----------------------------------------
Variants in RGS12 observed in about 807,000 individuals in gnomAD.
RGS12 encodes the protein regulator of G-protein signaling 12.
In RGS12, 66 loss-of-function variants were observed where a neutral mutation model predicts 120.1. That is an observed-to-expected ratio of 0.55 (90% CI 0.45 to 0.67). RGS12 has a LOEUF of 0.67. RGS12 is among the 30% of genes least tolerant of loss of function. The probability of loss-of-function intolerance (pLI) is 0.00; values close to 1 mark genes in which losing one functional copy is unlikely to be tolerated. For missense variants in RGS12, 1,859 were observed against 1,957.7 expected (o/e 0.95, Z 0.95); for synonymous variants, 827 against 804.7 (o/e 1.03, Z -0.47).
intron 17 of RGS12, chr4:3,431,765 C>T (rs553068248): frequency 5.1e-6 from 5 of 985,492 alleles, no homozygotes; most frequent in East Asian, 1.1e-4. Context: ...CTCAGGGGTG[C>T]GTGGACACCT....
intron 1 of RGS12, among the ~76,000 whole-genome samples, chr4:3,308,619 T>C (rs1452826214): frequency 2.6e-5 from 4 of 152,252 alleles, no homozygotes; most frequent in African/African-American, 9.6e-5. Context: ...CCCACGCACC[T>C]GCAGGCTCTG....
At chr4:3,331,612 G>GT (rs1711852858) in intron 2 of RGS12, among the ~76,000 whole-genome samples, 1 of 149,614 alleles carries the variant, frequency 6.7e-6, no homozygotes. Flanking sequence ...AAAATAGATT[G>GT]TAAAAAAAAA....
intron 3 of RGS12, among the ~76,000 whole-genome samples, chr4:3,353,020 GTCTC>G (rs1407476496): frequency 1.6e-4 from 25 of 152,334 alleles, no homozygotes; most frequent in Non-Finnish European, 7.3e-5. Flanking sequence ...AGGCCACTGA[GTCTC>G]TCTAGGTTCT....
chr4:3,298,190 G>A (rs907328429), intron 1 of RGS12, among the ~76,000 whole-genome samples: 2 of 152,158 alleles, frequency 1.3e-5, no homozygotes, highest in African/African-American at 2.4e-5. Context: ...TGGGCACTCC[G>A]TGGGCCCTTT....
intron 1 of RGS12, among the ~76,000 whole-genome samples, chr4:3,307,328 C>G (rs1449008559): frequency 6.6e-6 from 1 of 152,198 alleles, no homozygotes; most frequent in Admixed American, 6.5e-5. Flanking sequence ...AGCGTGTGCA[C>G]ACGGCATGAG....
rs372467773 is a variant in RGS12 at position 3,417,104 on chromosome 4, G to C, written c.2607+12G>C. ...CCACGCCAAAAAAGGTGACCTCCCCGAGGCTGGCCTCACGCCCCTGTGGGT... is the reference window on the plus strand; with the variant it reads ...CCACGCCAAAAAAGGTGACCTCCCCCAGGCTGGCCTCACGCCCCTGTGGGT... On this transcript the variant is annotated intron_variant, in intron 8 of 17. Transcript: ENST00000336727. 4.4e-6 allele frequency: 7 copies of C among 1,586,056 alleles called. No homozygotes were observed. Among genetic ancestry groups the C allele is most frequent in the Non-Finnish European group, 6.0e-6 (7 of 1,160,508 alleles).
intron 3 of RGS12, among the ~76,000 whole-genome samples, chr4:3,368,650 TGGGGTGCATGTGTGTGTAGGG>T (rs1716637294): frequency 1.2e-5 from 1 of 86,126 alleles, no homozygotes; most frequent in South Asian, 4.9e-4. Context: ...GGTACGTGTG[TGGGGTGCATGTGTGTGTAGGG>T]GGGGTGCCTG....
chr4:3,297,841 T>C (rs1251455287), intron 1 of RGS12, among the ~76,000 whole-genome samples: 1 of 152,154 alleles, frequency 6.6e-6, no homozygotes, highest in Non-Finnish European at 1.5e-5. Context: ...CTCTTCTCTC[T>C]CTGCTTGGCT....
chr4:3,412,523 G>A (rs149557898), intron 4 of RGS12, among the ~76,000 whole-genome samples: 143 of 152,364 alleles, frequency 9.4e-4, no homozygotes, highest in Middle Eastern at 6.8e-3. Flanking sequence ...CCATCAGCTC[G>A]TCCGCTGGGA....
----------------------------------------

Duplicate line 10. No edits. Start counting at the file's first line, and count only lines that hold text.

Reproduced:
rs372467773 is a variant in RGS12 at position 3,417,104 on chromosome 4, G to C, written c.2607+12G>C. ...CCACGCCAAAAAAGGTGACCTCCCCGAGGCTGGCCTCACGCCCCTGTGGGT... is the reference window on the plus strand; with the variant it reads ...CCACGCCAAAAAAGGTGACCTCCCCCAGGCTGGCCTCACGCCCCTGTGGGT... On this transcript the variant is annotated intron_variant, in intron 8 of 17. Transcript: ENST00000336727. 4.4e-6 allele frequency: 7 copies of C among 1,586,056 alleles called. No homozygotes were observed. Among genetic ancestry groups the C allele is most frequent in the Non-Finnish European group, 6.0e-6 (7 of 1,160,508 alleles).